Join Radio 4 randomly at any time of the day and you can tell - often in less than half a second or so - whether you're listening to scripted or natural talk. Funny to think that even with the evident skill of the Beeb's voice-actors and the experience of their script-writing teams, listeners can nevertheless tell instinctively whether talk is real.
Why is that I wonder? I guess there could be some sub-auditory response to tape quality? More likely its non-fluency features; the umms and ahs of natural speech. Perhaps intonation plays a part - we do seem to have a surfeit of voice-actors who, however they try, sound plummily as if they're, you know, acting.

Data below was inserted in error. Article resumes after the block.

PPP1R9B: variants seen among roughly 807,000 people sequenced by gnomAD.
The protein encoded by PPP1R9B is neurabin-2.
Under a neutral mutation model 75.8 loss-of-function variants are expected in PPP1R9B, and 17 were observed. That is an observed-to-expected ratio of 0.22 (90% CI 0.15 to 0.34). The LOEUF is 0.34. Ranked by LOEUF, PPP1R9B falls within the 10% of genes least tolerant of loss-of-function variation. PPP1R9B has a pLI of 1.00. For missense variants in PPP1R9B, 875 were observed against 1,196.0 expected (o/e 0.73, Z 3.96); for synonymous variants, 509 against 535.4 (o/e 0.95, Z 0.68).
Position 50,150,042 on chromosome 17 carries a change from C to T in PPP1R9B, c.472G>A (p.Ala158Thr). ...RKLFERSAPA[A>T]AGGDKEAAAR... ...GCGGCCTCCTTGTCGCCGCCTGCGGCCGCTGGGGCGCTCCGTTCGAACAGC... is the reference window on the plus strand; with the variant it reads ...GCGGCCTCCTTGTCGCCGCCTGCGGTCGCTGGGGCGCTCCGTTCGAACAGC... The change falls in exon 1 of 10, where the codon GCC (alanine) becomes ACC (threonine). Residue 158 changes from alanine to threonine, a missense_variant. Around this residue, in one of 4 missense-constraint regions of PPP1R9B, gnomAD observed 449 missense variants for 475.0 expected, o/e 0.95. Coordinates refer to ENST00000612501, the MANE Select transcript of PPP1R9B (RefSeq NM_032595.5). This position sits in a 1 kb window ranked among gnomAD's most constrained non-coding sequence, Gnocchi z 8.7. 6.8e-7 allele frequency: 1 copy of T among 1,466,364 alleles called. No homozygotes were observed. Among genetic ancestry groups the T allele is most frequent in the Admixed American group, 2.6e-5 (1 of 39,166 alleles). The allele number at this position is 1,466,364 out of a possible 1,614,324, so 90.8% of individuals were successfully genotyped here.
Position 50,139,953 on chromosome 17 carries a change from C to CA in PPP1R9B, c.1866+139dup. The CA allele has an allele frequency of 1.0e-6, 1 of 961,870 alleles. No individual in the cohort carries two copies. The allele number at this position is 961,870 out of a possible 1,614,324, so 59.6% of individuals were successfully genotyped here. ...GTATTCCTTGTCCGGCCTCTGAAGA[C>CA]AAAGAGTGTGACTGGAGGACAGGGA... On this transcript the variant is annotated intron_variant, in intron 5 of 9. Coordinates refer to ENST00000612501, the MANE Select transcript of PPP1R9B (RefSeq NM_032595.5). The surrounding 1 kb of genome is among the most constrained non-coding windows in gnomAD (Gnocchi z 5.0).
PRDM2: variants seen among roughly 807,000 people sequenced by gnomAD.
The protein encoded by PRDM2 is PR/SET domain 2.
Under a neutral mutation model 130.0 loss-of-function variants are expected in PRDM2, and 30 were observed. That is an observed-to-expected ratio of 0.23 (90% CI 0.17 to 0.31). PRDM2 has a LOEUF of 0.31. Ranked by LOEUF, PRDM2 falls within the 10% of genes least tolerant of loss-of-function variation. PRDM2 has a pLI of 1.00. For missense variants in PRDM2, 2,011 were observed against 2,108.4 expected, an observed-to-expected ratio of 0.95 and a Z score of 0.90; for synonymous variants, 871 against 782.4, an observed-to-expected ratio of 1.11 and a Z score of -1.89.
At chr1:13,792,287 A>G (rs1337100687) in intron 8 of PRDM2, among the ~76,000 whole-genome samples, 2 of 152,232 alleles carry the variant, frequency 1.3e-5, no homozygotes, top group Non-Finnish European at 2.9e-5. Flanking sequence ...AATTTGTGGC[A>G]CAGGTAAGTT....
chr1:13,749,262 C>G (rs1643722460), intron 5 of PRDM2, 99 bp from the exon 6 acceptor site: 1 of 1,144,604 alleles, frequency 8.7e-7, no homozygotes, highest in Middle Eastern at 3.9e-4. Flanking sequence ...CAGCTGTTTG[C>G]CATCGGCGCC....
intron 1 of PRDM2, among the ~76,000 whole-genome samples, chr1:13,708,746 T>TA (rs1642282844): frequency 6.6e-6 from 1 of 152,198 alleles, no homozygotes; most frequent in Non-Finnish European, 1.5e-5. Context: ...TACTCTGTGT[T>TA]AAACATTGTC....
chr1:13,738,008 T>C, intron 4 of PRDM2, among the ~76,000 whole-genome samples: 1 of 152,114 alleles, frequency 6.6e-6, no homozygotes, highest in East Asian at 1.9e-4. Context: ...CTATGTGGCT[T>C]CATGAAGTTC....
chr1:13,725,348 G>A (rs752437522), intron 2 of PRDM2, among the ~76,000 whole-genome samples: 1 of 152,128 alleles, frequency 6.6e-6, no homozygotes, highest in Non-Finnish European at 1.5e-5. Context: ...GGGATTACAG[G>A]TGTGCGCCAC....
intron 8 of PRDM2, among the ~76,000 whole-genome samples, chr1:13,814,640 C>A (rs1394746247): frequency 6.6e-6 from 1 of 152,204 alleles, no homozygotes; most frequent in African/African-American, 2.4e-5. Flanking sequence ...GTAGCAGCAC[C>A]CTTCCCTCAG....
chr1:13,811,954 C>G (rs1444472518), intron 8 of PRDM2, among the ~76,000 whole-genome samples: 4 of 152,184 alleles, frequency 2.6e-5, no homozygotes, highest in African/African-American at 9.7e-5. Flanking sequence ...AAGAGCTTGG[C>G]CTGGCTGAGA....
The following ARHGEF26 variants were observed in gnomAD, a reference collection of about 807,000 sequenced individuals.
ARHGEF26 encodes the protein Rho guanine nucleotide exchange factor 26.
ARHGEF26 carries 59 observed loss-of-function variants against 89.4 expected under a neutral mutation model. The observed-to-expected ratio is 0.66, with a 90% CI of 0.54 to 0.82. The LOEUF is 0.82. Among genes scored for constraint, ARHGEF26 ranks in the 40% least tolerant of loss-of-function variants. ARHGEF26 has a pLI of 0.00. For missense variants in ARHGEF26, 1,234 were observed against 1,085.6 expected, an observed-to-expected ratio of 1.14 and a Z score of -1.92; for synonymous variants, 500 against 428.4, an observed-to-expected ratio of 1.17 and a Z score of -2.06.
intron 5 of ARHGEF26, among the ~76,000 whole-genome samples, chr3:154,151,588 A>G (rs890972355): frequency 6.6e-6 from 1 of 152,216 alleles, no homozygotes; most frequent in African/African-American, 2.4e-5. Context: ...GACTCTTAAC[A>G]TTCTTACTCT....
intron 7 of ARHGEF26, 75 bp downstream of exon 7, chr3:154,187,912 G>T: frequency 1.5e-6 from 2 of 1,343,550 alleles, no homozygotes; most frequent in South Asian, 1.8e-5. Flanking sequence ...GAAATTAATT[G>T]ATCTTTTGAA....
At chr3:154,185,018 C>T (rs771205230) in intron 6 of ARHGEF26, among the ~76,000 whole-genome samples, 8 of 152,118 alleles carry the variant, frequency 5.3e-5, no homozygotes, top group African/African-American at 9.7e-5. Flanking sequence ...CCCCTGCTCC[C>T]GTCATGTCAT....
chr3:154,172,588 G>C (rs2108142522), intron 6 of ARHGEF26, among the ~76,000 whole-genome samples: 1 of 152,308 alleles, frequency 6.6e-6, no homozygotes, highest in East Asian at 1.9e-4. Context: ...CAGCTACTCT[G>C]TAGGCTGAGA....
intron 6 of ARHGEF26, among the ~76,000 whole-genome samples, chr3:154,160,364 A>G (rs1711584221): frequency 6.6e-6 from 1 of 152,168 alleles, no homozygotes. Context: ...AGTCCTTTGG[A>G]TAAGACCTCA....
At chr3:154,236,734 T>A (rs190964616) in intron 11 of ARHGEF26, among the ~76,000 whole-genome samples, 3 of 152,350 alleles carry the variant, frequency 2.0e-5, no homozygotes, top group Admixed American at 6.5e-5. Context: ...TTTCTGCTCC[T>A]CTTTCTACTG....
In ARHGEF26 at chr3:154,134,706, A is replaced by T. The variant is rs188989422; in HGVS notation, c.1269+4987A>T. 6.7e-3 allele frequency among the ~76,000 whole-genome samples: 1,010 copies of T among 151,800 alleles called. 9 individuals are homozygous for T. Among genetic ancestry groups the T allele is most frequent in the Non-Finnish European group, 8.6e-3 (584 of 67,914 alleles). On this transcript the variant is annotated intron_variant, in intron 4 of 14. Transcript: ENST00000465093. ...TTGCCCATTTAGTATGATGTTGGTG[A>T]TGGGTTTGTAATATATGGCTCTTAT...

Anyway. The natural rhythm and tone of informal human speech is one of the great strengths of Radio Rental, a podcast which collects together real people telling real stories. The tales are macabre, eerie, often frightening, but the voices? Man, those voices are real people - hesitant, uncertain, scared - clearly still trying to make sense of what happened to them. The stories work particularly well in contrast to the (pretty silly) scripted conceit of the show; that a VHS rental store-owner is sharing them with us via video tape. You've got to admire their commitment to this device: the website is a pitch-perfect recreation of a local rental store from 1986.
I'm hoping you'll give it a go... and what's more, that you'll start with a stone-cold classic: Laura of the Woods. Hop to episode 4. Fast forward to 16:00. Then settle back and feel the chills.
This isn't acting, folks. This is for real.